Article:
While on its face § 1603, which requires the report to the United States Attorney, does not contain terms such as "immediately," "forthwith" or "without delay" found in the preceding and subsequent sections, negligent or intentional procrastination at that stage of the procedure would frustrate the obvious statutory scheme. Consequently, promptness in the procedures outlined in § 1603 similar to §§ 1602 & 1604, must have been intended by Congress and we so infer. See States Marine Lines, Inc. v. Shultz, 498 F.2d 1146, 1154-55 (4th Cir. 1974); Sarkisian v. United States, 472 F.2d 468, 471 (10th Cir.), cert. denied, 414 U.S. 976, 94 S. Ct. 291, 38 L. Ed. 2d 219 (1973); United States v. One 1971 Opel G. T., 360 F. Supp. 638, 641-42 (C.D. Cal. 1973).
From the standpoint of the claimant, the stage in the procedures at which excessive delay occurs is irrelevant. His concern, and the concern of the statutory scheme, is the quick and efficient determination of the property rights in the confiscated vehicle. Furthermore, if reasonable time limitations are not placed upon the application of §§ 1602-1604, a question of the constitutionality of the statutes could be raised. See United States v. One 1972 Mercedes-Benz 250, 545 F.2d 1233, 1236 (9th Cir. 1976); United States v. A Quantity of Gold Jewelry, 379 F. Supp. 283, 287-88 & nn. 9, 10 (C.D. Cal. 1974); One 1971 Opel G. T., 360 F. Supp. at 642. Cf. United States v. Thirty-Seven (37) Photographs, 402 U.S. 363, 367-75 & n. 2, 91 S. Ct. 1400, 28 L. Ed. 2d 822 (1971).1 Consequently, it is unnecessary for us to decide whether it is the two month delay under § 1604 or the nine month delay under § 1603, which is fatal to the Government's claim. We only hold that the combined delay of eleven months clearly falls outside of any time period permissible under the statutory scheme. See United States v. One Motor Yacht Named Mercury, 527 F.2d 1112, 1114 (1st Cir. 1975); Sarkisian, 472 F.2d at 469-71; One 1971 Opel G. T., 360 F. Supp. at 641. But see United States v. One (1) 1972 Wood, 19 Ft. Custom Boat, 501 F.2d 1327, 1329 (5th Cir. 1974).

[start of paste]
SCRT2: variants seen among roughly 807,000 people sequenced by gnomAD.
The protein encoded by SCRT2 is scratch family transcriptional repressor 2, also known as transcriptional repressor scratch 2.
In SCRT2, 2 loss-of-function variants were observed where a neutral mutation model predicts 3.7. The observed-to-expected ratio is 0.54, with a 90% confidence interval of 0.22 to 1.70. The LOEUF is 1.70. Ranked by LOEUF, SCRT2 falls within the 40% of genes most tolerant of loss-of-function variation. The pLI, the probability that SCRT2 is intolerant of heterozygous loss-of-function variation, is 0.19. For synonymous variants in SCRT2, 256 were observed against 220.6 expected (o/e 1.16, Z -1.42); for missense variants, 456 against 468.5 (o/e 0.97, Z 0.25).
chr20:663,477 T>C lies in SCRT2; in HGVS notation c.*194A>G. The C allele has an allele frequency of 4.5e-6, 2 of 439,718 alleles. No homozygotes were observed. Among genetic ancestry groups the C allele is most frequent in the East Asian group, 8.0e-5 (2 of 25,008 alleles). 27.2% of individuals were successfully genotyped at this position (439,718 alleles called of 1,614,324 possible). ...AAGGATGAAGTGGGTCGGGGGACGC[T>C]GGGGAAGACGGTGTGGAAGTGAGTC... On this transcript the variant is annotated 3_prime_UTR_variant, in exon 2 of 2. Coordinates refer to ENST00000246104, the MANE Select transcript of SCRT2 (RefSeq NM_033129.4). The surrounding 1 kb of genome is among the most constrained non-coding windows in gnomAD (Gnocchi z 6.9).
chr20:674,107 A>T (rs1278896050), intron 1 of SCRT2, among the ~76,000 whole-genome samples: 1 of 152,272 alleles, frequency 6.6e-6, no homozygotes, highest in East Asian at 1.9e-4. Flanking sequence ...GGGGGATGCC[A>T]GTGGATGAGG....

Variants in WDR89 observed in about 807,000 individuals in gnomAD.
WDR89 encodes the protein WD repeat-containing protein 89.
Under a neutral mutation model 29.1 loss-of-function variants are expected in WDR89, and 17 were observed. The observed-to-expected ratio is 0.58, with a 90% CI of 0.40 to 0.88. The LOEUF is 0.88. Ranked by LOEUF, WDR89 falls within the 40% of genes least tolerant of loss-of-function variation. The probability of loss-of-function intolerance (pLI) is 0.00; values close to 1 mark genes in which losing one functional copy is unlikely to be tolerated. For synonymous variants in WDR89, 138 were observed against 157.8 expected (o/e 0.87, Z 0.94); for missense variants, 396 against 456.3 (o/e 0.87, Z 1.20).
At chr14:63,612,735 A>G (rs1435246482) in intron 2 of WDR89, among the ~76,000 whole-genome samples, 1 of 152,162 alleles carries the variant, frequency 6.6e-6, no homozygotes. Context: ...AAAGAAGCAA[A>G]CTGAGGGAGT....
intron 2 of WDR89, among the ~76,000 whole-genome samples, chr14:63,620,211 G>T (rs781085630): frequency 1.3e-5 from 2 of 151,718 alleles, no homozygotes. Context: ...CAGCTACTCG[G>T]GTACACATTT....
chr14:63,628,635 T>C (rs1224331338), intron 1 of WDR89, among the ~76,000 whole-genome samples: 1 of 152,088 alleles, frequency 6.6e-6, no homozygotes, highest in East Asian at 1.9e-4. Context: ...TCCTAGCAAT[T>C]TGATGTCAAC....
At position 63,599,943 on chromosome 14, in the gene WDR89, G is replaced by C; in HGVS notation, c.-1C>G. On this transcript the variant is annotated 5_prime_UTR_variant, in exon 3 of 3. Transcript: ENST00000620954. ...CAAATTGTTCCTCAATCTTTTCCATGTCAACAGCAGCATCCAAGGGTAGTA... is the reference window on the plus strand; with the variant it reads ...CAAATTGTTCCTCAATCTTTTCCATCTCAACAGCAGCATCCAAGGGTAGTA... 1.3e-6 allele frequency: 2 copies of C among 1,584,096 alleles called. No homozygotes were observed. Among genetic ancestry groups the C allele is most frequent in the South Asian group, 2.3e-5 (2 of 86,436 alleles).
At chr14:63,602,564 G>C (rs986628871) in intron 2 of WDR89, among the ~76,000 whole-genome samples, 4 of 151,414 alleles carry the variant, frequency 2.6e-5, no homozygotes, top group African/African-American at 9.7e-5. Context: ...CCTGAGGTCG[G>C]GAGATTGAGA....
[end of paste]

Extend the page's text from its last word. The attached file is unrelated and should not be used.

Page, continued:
Because of the fast depreciating nature of an automobile, the Government's claim that no prejudice to the claimant resulted from the untimeliness of the Government's action is clearly without merit.
Since we hold that the district court was correct in holding that the Government failed to comply with the statutory time limits we find inherent in 19 U.S.C. §§ 1602-1604, we do not reach appellant's other contentions.
The district court's order is AFFIRMED.2
The Supreme Court implied time restrictions in judicial proceedings for forfeitures under 19 U.S.C. § 1305(a) as it related to photographs seized by customs agents as obscene materials. It is unclear whether the precedent established by Thirty-Seven Photographs extends beyond the first amendment prior restraint situation. But see States Marine Lines, 498 F.2d at 1154; Sarkisian, 472 F.2d at 471-72
Although not raised in the Government's brief, it could be argued that the claimant's filing of an administrative petition for remission tolled the running of the time period inherent in §§ 1602-1604. Although one circuit has hinted that this might be the case, see One Motor Yacht Named Mercury, 527 F.2d at 1114, we conclude that the administrative and judicial proceedings are independent remedies and that neither is an excuse for the tolling of the other. See A Quantity of Gold Jewelry, 379 F. Supp. at 287; One 1971 Opel G. T., 360 F. Supp. at 641